UNEP Vienna / Transboundary Protected Area Durmitor Tara Canyon Sutjeska/ Background

Background to the study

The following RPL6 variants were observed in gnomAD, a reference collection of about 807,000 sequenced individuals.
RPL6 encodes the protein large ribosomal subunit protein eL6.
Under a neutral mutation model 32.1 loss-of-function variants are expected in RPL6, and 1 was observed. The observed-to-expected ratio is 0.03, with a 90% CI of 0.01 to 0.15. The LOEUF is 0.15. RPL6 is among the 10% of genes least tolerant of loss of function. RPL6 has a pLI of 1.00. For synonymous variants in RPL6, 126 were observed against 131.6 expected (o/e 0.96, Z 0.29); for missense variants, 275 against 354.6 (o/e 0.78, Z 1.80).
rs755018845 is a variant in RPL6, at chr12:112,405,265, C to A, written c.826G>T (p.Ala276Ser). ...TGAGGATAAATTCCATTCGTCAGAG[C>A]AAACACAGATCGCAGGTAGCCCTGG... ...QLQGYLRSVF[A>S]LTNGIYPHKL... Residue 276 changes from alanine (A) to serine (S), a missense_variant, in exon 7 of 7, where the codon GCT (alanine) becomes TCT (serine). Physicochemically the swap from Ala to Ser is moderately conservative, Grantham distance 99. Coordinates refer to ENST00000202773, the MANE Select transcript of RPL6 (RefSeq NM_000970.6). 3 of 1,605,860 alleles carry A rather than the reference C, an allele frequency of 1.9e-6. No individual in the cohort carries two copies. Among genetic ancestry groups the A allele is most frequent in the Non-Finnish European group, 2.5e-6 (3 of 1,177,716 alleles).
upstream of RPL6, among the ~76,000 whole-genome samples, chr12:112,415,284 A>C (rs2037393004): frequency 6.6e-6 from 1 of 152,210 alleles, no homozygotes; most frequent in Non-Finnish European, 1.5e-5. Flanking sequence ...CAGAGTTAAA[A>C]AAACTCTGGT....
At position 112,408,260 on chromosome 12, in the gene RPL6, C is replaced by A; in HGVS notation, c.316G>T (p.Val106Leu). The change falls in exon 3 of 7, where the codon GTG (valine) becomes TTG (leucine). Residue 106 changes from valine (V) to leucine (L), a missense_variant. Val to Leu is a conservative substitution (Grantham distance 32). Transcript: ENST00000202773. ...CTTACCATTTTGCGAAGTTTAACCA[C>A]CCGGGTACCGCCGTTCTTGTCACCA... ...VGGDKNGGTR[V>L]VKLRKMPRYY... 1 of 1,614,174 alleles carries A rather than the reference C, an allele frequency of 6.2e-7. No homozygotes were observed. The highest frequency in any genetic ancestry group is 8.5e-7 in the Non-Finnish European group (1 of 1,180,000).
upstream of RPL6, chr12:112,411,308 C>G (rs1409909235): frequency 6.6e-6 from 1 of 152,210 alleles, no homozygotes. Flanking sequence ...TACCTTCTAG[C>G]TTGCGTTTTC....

The programme of work on protected areas under the Convention on Biological Diversity (CBD) recommends to strengthen existing and establish new TBPAs (transboundary protected areas) to enhance conservation of biological diversity, implement the ecosystem approach, and improve international cooperation1, and in particular to enter into dialogue to establish, where appropriate, new TBPAs with adjacent Parties and countries, bearing in mind the ecosystem approach and the importance of ecological networks 2. The CBD work programme on mountains calls to establish regional and transboundary collaboration and the establishment of cooperative agreements for mountain ranges, to promote the appreciation and conservation of mountain biological diversity as a means of reducing human conflict, i.e., through peace parks. to promote integrated transboundary cooperation, strategies for sustainable activities on mountain ranges through mutually agreed-upon arrangements by countries concerned. to promote and strengthen regional and transboundary cooperation for research, adaptive management, fair and appropriate allocation of water to ecosystems, and exchange of expertise to improve the conservation and management of mountain biodiversity Europe, and in particular its Balkan region is characterised by many borders that cut across ecosystems and areas of high natural values, often dividing the continent along natural barriers like mountain ranges. Border areas are often the most favoured regions in biodiversity terms, partly as a result of their peripheral location or political factors banning in the past the development of areas adjacent to political borders. However, natural areas shared by neighbouring countries are not only a common treasure, but also a common responsibility. Ecological problems occurring in border areas can not be solved by one country alone, and require transboundary and regional cooperation. Since 2005, UNEP Vienna is coordinating the project entitled Improving regional cooperation for risk management from pollution hotspots as well as the transboundary management of shared natural resources supported by ADA (the Austrian Development Agency) and the Canadian Development Agency (CIDA), as a contribution to the Environment and Security (ENVSEC) Initiative. The ENVSEC Initiative founded in 2003 is a partnership between the United Nations Environment Programme (UNEP), the United Nations Development Programme (UNDP), the Organisation of Security and Co-operation in Europe (OSCE), the United Nations Economic Commission for Europe (UNECE), the Regional Environmental Center for Central and Eastern Europe (REC) and the associated North Atlantic Treaty Organization (NATO). The ENVSEC programme area in South-Eastern Europe (SEE) includes Albania, Bosnia and Herzegovina, the Former Yugoslav Republic of Macedonia, Montenegro, Serbia and Kosovo - UN administered territory under UN Security Council resolution 1244 which have been directly or indirectly involved in the ethnic conflicts that escalated in the past ten and more years in the Balkan region. These war-torn nations, where ethnic tensions still exist, have been also subject to economic crises as a result of their isolation from the global economy and the impacts of the transition from socialist economic policies to free market economies. Simultaneously biodiversity loss was recognised as posing additional security risk in South East Europe, whereas good technical cooperation in the field of natural resource management would contribute to stability and prosperity of the region.